Darien Wallace - Wed, 04 Jul 2018 09:44:58 EST ID:SfiMcBo4 No.65111 Ignore Report Quick Reply
>Unless it explodes on your belt.
yeah I mean come on
you have to have seen enough scifi shit to know that sort of thing will cause a bisubtamius partical intefference with the positron emitter rays on the display screen and rip your balls off or something
Subaltern Lorot - Wed, 04 Jul 2018 10:45:03 EST ID:MUJ4M6tq No.65112 Ignore Report Quick Reply
Also if the forcefield is strong enough to stop a kinetic blast it's most certainly strong enough to close in on you and crush you within a skintight prison.

In general though security forces should be much better equiped than some spandex and a "lasergun". I get the whole "The Federation isn't a military organisation" thing but c'mon, it's not like current countries or organisations today have their defense/security forces on equal foot with civilians.
Oh and nevermind the giant lasers and warp-capable bombs these space vessels carry, I guess that's fine, but once they're close and personal enough to see the whites of their eyes (or w/e colour) the only means of defence or fighting is an unergonomic powerpoint laser.
Roy Ritterhouse - Wed, 04 Jul 2018 14:44:32 EST ID:jMwrsElX No.65113 Ignore Report Quick Reply
Even if they reject the notion of defense they don't have PPE? And that PPE being able to absorb a few hits wouldn't hurt.

UNLESS. You're against an enemy with stun weapons. Your PPE will stop the stun but if they make bigger guns you'll still die. Essentially you disincentivise using just enough power to knock you out and thus your dudes get killed.

Of course against people who just kill you'd put the armour on so even if it's off by default because you don't want to give invader vibes you should have it laying around. Much like a civilian firefighting outfit you have several sets of gear for different environments. Even they have considered bulletproof shit for certain environments and there are designated security forces to fight while they pull people out.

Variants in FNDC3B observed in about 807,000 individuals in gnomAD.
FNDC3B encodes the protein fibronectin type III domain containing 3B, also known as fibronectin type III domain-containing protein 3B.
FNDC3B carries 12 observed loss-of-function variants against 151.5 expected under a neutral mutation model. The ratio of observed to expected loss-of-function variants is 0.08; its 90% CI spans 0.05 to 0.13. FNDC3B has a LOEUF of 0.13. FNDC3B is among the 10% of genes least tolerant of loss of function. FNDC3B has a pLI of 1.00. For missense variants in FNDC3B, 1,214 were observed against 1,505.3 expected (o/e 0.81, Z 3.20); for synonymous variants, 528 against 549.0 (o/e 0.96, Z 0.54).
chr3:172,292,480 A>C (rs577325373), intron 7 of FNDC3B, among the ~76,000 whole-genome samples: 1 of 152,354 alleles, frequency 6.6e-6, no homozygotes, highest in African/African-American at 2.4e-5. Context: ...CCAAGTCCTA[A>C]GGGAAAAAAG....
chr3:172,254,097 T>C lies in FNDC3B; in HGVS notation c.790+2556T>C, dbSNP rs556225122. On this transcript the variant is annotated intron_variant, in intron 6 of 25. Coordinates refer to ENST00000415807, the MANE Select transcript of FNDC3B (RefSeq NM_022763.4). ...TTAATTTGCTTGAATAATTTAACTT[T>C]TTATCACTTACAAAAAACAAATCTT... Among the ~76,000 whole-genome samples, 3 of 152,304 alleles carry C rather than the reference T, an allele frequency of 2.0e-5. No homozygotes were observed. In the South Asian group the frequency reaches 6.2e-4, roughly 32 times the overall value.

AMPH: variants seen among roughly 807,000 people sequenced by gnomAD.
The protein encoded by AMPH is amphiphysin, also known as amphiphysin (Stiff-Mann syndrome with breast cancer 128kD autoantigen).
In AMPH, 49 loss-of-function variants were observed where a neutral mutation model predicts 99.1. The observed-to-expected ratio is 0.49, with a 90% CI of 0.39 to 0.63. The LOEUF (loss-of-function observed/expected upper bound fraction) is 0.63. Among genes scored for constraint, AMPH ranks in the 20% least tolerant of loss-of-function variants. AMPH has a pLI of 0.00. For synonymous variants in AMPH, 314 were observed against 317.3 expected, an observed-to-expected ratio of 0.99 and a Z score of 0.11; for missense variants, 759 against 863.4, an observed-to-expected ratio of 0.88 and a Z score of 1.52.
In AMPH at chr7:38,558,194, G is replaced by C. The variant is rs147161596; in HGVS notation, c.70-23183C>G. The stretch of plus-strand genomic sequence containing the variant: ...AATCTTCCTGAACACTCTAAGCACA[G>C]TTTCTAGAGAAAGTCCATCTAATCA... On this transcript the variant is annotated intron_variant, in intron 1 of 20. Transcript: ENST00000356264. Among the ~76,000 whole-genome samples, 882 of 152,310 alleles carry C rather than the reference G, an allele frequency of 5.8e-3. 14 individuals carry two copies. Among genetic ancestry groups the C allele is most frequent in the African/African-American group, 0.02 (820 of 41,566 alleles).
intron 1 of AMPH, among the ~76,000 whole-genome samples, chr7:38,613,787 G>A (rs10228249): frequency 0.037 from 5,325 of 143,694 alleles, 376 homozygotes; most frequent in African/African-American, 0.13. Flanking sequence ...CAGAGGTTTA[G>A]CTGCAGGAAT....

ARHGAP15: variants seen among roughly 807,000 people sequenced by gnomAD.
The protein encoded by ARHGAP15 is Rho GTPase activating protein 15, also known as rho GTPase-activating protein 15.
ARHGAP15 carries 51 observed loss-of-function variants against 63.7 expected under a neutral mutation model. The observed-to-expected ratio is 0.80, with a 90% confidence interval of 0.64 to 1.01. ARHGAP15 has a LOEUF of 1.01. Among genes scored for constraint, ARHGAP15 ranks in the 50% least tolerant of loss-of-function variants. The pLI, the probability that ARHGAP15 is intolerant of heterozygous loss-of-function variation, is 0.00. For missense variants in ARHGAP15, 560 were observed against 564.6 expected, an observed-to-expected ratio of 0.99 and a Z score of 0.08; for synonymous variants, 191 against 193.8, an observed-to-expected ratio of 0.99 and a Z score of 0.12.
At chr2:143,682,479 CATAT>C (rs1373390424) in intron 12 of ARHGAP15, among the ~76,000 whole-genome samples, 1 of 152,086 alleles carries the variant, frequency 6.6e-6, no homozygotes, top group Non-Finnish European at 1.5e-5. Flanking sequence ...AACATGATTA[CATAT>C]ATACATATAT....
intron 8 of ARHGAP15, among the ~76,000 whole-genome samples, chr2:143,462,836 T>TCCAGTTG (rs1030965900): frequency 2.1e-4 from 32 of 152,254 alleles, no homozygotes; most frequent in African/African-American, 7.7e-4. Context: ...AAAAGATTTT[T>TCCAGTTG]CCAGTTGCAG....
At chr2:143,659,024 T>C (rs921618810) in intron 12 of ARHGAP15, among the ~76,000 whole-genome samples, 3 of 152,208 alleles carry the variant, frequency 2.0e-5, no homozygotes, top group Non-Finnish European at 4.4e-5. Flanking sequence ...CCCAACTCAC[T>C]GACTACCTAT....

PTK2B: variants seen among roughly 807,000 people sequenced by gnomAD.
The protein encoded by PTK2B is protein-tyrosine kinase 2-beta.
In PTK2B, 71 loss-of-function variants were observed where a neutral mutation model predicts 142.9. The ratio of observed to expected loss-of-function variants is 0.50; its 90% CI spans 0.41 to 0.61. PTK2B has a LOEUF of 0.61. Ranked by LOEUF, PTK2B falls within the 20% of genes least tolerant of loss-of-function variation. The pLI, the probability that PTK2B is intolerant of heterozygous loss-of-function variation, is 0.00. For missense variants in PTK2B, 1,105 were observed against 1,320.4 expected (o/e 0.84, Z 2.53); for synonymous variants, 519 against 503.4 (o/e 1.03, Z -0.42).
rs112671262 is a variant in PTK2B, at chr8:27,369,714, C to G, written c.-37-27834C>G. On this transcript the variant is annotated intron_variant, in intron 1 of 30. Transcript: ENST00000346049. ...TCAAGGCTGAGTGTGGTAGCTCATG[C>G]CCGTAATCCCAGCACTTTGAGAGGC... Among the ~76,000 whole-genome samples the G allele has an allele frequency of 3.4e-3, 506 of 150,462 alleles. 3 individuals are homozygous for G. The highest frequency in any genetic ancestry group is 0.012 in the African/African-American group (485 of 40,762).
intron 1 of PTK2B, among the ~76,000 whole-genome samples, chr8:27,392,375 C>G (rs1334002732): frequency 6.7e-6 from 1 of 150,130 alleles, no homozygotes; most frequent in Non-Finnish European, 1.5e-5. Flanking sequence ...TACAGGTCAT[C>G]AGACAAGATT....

So what I'm saying is default away mission being spandex is fine. But I agree it's shocking they don't have armour with a built in deflector array, self sealing environmental protection, perhaps power assisted melee mode for punching klingon heads off.
Hoshi Sato - Wed, 04 Jul 2018 17:54:54 EST ID:5uU+DoWU No.65114 Ignore Report Quick Reply
When nitpicking combat scenes you have to keep in mind the writers perspective.

The whole "why didn't they use X" quickly becomes ridiculous when you consider all options that post TNG level tech enables you to do.

Faced with bunch of klingons and have a ship in orbit?
Fine I'd rig up all replicators to spout out head sized UAVs with impulse drive, inertial dampers, phasers, scanners and shields. Then site to site transport them to the surface and watch.
You could even equip them with a transporter relay to keep up your superior starfleet morals and beam the stunned hostiles to your brig.
Dr. Lewis Zimmerman - Wed, 04 Jul 2018 21:06:59 EST ID:NsCNouER No.65115 Ignore Report Quick Reply
Voyager really shouldn't have broken that ground of transporting torpedoes. It ruined a lot of Trek retroactively lol.
Guinan - Wed, 04 Jul 2018 21:55:50 EST ID:D65nZOLV No.65116 Ignore Report Quick Reply
The problem is complicated replicator items take more time and power than foodstuffs. I think it's S2E1 of TNG where Geordi asks Picard to transfer power from non essential systems because he needs 512 biohazard containment modules. He also mentions it's going to take several hours to replicate them all. So your idea is only sound if you have a few days of prep time and plenty of dilithium.
Private E Hamboyan - Thu, 05 Jul 2018 03:05:56 EST ID:MUJ4M6tq No.65118 Ignore Report Quick Reply